Hantaviruses cause severe and sometimes fatal respiratory infections, but how they infect lung cells has been a mystery. In today’s issue of Nature, an international team including researchers at Albert Einstein College of Medicine reports that hantaviruses gain entry to lung cells by “unlocking” a cell-surface receptor called protocadherin-1 (PCDH1). Deleting this receptor made lab animals highly resistant to infection. The findings show that targeting PCDH1 could be a useful strategy against deadly hantavirus pulmonary syndrome (HPS).
The study was co-led by Kartik Chandran, Ph.D. Thijn R. Brummelkamp, Ph.D., at the Netherlands Cancer Institute; John M. Dye, Ph.D., at the U.S. Army Medical Research Institute of Infectious Diseases (USAMRIID); and Zhongde Wang, Ph.D., at Utah State University.
An Emerging Threat
HPS was first identified in 1993. A total of 728 cases have so far been reported in the United States, mainly in rural areas of western states. “While hantavirus infections are rare, they’re expected to increase in the coming decades as temperatures across the globe rise due to climate change. And we’re totally unprepared for this possibility,” said Dr. Chandran, professor of microbiology & immunology and Harold and Muriel Block Faculty Scholar in Virology at Einstein.
Hantavirus is transmitted to humans who inhale the virus from the urine, feces, or saliva of infected rodents. Early HPS symptoms include fatigue, fever and muscle aches, followed after a week or so by coughing and shortness of breath. HPS has a mortality rate of around 40 percent, according to the Centers for Disease Control and Prevention. No treatments or vaccines are available. “Our findings provide new insights into how these infections develop and how they might be prevented or treated,” added Dr. Chandran.
Detecting a Viral Entry Point
In seeking host factors that enable hantavirus infection, the researchers performed a “loss-of-function” genetic screen to see whether knocking out particular cellular genes could block hantavirus entry. The screen spotlighted the gene PCDH1, which codes for the protein receptor PCDH1 found on cell membranes. Strikingly, PCDH1 had previously been implicated in human respiratory function and lung disease but was not known to play a role in infection by hantaviruses or any other viruses.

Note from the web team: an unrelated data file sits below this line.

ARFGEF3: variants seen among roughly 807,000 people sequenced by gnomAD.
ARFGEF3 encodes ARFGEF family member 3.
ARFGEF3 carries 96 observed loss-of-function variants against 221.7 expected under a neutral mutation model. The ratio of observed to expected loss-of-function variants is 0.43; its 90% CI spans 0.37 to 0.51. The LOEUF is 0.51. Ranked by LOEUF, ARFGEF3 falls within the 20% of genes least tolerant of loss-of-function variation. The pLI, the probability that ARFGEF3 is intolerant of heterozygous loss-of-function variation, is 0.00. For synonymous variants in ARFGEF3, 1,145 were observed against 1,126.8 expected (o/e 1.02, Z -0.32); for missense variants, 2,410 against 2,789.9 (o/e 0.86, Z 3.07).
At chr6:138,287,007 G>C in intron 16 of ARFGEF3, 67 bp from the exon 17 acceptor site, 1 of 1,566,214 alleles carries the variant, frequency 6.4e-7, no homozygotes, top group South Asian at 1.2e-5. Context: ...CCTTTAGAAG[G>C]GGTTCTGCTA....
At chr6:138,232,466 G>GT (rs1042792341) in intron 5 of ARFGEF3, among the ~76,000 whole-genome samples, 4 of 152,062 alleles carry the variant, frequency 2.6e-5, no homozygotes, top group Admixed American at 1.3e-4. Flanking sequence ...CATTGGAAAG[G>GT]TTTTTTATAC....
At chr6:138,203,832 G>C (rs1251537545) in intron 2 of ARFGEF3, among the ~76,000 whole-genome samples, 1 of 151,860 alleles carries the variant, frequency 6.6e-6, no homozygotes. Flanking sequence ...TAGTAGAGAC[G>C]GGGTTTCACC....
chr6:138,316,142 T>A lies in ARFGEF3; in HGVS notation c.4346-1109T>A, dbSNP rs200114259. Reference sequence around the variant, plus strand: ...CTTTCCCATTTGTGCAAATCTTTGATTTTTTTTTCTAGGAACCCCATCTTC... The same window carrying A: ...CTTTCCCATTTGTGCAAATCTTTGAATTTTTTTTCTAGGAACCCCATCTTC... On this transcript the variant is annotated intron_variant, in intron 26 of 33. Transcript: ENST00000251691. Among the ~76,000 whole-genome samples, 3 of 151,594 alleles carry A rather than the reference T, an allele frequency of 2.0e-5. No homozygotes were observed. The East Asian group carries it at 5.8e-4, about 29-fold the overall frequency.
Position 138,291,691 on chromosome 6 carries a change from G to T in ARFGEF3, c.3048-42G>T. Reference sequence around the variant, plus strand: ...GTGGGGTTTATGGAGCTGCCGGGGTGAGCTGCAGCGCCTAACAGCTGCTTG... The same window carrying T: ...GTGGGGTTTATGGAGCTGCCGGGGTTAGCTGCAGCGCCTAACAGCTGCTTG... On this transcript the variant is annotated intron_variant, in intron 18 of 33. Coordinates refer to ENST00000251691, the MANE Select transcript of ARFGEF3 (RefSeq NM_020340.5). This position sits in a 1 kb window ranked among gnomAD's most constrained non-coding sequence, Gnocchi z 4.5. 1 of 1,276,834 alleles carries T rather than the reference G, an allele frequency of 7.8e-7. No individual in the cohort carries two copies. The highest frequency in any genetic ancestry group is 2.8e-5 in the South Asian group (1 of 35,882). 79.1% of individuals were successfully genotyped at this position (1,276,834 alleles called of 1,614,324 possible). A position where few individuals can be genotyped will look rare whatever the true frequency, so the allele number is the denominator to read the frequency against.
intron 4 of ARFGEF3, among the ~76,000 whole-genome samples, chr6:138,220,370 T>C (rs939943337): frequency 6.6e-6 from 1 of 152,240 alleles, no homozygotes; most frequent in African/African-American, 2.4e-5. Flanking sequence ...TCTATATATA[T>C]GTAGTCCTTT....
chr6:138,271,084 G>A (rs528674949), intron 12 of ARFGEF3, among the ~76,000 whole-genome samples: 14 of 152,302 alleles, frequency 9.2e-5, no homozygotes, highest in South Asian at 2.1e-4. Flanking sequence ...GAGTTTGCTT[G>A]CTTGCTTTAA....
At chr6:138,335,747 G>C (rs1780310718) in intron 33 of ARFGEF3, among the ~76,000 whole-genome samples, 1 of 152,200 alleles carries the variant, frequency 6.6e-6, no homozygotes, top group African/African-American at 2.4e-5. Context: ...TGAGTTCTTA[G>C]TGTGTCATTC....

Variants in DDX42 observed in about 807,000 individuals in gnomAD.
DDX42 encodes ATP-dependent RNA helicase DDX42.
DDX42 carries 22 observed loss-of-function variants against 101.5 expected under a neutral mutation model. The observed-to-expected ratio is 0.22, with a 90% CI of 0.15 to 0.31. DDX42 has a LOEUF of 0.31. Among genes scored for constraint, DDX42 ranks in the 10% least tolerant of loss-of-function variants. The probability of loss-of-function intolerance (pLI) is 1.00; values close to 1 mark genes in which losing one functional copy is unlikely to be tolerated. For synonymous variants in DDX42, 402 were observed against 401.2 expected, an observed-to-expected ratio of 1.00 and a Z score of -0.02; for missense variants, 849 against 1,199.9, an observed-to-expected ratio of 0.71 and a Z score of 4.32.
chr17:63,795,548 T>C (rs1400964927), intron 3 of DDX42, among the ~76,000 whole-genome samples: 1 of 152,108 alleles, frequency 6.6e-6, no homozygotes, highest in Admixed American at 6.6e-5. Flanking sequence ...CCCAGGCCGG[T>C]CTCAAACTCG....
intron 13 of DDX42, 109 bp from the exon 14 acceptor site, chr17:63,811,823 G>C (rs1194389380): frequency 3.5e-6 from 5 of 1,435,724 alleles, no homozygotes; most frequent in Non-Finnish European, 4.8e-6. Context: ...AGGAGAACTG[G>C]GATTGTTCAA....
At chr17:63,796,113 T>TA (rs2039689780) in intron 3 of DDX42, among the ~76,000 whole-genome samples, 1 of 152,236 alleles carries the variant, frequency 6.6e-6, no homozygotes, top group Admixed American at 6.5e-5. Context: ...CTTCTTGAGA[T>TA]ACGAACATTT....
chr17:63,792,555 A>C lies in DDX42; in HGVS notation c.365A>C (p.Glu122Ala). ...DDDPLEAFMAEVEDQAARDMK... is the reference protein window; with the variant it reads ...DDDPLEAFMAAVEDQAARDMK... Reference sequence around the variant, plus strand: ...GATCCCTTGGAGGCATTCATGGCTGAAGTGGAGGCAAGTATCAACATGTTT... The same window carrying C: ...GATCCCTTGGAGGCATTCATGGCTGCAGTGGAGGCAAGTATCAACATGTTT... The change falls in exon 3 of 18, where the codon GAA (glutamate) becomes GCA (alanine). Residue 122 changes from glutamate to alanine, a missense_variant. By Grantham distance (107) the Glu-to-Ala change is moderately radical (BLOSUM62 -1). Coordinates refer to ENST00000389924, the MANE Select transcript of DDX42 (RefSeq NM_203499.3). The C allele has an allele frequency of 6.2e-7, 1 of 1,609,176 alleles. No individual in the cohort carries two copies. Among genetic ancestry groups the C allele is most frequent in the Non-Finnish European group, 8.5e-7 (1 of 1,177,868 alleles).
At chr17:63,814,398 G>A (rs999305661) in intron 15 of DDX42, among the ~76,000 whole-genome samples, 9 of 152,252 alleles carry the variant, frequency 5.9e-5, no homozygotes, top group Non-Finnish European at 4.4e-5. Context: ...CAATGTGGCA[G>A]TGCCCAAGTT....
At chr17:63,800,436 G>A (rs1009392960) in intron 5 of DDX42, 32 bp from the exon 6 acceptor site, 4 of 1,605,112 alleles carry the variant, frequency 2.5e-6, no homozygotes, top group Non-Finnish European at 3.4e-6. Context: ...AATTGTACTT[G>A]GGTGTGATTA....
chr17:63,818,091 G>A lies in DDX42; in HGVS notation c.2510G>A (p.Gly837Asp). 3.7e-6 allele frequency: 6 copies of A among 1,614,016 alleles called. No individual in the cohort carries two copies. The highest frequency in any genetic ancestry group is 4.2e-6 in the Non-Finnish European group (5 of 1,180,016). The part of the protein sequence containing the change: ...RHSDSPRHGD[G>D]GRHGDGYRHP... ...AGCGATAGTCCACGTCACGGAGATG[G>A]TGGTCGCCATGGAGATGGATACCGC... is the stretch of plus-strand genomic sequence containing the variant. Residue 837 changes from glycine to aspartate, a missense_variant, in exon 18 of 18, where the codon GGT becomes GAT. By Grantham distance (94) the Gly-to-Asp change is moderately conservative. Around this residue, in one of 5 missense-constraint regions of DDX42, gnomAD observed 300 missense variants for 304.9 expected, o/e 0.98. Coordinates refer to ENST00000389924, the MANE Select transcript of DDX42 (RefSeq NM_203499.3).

To confirm that PCDH1 plays a role in hantavirus infection, the researchers deleted it from human pulmonary endothelial cells (i.e., cells that line the lung). These cells became highly resistant to infection by the two major HPS-causing hantaviruses found in North and South America: Sin Nombre virus and Andes virus. Crucially, Syrian golden hamsters (the primary rodent model for hantavirus studies) engineered to lack the PCDH1 receptor were largely resistant to infection and lung injury caused by Andes virus. In contrast, most of the control animals, which possessed the receptor, succumbed to the virus. “Our findings establish a key role for PCDH1 in lung infections caused by hantaviruses in an animal model that captures key features of HPS,” said co-senior author Dr. Dye, chief of viral immunology at USAMRIID.
The researchers also pinpointed a specific part of the PCDH1 protein that is directly recognized by hantaviruses, making this protein region a promising target for drug development. Indeed, the team generated monoclonal antibodies with a high affinity for this region of PCDH1 that could bind to lung endothelial cells and protect them from infection by Andes and Sin Nombre viruses. Ongoing studies are evaluating these antibodies against hantavirus infection and disease in animals.
Interestingly, a different group of hantaviruses that cause severe kidney disease in Europe and Asia and occasionally in the U.S. did not require the PCDH1 receptor for infection. “These viruses have other ways of invading cells that remain to be discovered,” said Rohit Jangra, Ph.D., research assistant professor at Einstein and a co-first author of the study.
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